All employees like to feel they have a voice in their workplace, but would yours agree that they are actually being listened to? Do they have the chance to freely voice their thoughts, opinions and reservations, without worrying about the personal or professional outcomes? If your workforce is to truly believe that its organisation takes employee voice seriously, you will need to convince it that it can influence managerial decisions and actions via its feedback.
A survey from IBM in 2015 revealed that the crucial element of employee voice is what happens after the conversation i.e. the nature of the action taken. Embedding employee voice throughout your organisation means ensuring that concrete steps are taken in line with employee recommendations. To make employee voice a reality in your company, follow these three simple principles.
1- Focus on active listening
It’s impossible to overstate the importance of active listening. Managers who want to mentor and guide employees simply cannot do so without this vital ability. Active listening involves the listener completely concentrating on, understanding, replying to and remembering what the speaker has said. There are six components to active listening:
- Paying attention
- Reserving judgment
You can be an active listener without agreeing with what you’re being told. One way to demonstrate active listening to your staff is to provide a suitable channel through which they can offer their comments and suggestions whenever they want. Continuous listening is the order of the day, which means going beyond the annual engagement survey. The jump from once-a-year to always-on is likely to be a shock, so start by implementing quarterly pulse surveys. Combine one-to-one communication with an always-on channel and your employees will begin to understand that their feedback is always being sought.
2- Provide feedback on future performance
Providing valuable feedback bolsters employee voice and improves trust levels between managers and employees. This is crucial if you want your feedback to be well received, as employees will only take notice of feedback which they feel is offered in a spirit of generosity and care. Make sure that the feedback is performance-related, actionable and directed towards the future. Although recognizing individual actions on a daily basis and praising team wins is important, it’s just as important to give performance-related feedback which aims to help employees develop in their future career.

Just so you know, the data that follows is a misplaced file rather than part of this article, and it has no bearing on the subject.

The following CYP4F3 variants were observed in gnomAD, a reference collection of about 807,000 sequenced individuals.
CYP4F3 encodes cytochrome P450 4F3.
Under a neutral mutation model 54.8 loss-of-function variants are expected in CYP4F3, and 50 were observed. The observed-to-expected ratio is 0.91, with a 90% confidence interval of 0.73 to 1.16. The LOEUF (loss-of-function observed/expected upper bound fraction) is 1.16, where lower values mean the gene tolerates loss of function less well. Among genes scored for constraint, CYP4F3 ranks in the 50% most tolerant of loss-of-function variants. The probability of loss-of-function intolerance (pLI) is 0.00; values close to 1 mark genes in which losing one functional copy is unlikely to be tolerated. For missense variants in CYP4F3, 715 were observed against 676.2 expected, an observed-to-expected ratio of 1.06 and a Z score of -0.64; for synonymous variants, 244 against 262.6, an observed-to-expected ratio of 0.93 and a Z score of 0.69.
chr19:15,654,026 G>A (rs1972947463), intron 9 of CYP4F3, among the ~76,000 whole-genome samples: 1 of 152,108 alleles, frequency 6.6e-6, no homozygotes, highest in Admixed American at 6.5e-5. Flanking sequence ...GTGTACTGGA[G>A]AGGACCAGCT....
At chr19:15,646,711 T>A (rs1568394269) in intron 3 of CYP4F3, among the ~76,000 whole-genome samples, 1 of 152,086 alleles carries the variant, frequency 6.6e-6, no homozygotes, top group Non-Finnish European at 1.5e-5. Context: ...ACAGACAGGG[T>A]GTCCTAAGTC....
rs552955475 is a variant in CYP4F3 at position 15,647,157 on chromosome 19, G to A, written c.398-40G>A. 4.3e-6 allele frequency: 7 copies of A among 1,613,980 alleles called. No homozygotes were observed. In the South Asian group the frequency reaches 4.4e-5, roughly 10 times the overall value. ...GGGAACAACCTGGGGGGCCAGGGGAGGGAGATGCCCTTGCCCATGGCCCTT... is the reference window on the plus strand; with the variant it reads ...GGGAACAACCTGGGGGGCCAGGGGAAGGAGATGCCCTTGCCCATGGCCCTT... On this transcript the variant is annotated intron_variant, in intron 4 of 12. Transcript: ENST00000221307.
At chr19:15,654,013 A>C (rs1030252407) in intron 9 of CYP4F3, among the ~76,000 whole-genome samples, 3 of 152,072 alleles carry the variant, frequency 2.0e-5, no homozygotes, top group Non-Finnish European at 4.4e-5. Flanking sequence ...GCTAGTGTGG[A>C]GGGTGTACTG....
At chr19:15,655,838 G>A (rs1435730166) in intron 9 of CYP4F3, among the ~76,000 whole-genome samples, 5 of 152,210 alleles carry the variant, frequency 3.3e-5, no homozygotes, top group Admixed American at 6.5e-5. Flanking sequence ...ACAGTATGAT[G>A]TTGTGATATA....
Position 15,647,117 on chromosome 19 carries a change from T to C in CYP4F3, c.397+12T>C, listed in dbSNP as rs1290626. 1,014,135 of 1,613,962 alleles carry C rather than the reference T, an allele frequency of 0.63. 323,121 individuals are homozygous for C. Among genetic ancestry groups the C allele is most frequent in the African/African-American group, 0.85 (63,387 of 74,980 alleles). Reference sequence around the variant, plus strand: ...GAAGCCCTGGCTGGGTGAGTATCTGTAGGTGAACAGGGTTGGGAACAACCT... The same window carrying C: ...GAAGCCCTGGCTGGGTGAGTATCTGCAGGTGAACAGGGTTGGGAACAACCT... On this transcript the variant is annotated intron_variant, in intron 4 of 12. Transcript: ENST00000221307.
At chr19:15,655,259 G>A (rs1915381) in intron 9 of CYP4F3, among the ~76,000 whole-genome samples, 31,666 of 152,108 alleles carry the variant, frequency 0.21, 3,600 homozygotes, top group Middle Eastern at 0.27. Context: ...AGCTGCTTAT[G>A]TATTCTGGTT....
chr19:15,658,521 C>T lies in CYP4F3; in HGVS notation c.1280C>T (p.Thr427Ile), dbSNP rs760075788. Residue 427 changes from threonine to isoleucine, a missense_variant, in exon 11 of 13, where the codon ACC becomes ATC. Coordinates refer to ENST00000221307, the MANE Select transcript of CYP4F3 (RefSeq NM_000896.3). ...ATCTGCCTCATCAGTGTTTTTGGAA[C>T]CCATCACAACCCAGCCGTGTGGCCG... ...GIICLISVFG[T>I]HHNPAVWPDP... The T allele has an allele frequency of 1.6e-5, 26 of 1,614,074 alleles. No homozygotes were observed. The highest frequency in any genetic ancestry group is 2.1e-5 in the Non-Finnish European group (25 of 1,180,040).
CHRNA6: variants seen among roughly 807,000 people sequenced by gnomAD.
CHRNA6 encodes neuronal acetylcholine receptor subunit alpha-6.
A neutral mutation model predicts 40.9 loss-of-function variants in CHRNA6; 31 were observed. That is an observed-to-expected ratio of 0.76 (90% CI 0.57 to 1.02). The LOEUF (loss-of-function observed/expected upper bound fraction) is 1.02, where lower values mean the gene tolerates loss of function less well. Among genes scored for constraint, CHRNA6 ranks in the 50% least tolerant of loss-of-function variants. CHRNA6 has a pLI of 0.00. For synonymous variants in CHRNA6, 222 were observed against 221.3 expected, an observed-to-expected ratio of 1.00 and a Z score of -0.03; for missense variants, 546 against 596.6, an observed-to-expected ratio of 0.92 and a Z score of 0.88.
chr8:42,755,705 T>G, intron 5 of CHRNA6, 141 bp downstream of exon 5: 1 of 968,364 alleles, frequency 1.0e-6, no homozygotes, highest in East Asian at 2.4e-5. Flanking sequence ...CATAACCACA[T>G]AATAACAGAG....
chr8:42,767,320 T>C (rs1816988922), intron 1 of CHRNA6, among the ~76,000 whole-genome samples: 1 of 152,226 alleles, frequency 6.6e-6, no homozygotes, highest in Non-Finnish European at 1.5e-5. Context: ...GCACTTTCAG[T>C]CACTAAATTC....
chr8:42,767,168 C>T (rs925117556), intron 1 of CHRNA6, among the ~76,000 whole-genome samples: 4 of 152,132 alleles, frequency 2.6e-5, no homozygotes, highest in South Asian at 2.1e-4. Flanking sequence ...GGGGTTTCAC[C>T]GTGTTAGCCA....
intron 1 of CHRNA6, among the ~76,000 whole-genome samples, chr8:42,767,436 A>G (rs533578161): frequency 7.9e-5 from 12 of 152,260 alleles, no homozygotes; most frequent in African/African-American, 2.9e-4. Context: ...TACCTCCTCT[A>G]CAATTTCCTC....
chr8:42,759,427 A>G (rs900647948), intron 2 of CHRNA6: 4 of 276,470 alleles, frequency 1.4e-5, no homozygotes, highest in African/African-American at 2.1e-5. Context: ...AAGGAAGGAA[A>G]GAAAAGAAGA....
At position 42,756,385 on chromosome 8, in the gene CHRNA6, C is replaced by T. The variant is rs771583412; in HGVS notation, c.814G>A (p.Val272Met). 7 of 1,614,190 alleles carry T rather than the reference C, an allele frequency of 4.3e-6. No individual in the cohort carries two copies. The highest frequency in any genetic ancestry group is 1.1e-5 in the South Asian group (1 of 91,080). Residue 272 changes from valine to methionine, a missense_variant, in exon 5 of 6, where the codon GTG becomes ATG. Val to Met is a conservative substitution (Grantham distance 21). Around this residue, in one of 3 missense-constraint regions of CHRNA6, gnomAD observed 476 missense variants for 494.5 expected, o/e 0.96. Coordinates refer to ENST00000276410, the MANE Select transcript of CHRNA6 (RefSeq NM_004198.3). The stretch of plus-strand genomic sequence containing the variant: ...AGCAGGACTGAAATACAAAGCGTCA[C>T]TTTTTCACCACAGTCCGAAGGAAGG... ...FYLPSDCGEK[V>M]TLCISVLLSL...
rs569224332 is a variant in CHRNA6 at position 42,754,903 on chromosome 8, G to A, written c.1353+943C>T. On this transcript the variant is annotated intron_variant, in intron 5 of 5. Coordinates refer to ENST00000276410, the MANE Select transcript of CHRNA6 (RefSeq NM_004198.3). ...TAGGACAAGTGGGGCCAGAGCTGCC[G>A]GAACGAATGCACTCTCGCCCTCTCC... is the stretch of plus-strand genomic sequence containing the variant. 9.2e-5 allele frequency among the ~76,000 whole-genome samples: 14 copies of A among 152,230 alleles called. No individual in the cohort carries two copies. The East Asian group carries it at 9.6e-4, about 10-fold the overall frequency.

Research has found that as few as 26 per cent of employees feel that the feedback they receive enables them to improve their performance in the workplace. Feedback that is genuinely helpful and supports employee voice has to take place in a personal context and involve two-way, balanced communication. A good way to encourage this type of dialogue is to collaborate with your employees on problem-solving, inviting their comments and suggestions.
3- Be transparent
Neuroscientists have discovered that employees must believe they are being kept informed of all significant company developments if they are to retain trust in their leaders and peers, and feel sufficiently motivated to maintain their performance levels. Employees in one study who felt they were being kept in the dark by management reported a 58 per cent decrease in their perceived group standing – in other words, where they thought they ranked in comparison to their colleagues. According to neuroscience, our brains view ambiguity as threatening.
And ambiguity is often found in companies where employee voice is lacking. Deny your employees transparency and the right to be heard and they will feel barred from taking part in decision-making, meaning their valuable contributions will be lost.
Look at team meetings and performance reviews as opportunities to keep employees informed. Allow employees who complain of a dearth of information or resources to provide their feedback anonymously via direct surveys or an always-on channel. Make sure that your employees feel aware of company developments and are convinced that management is listening to them.
Click here to find out more about Achievers’ employee engagement platform.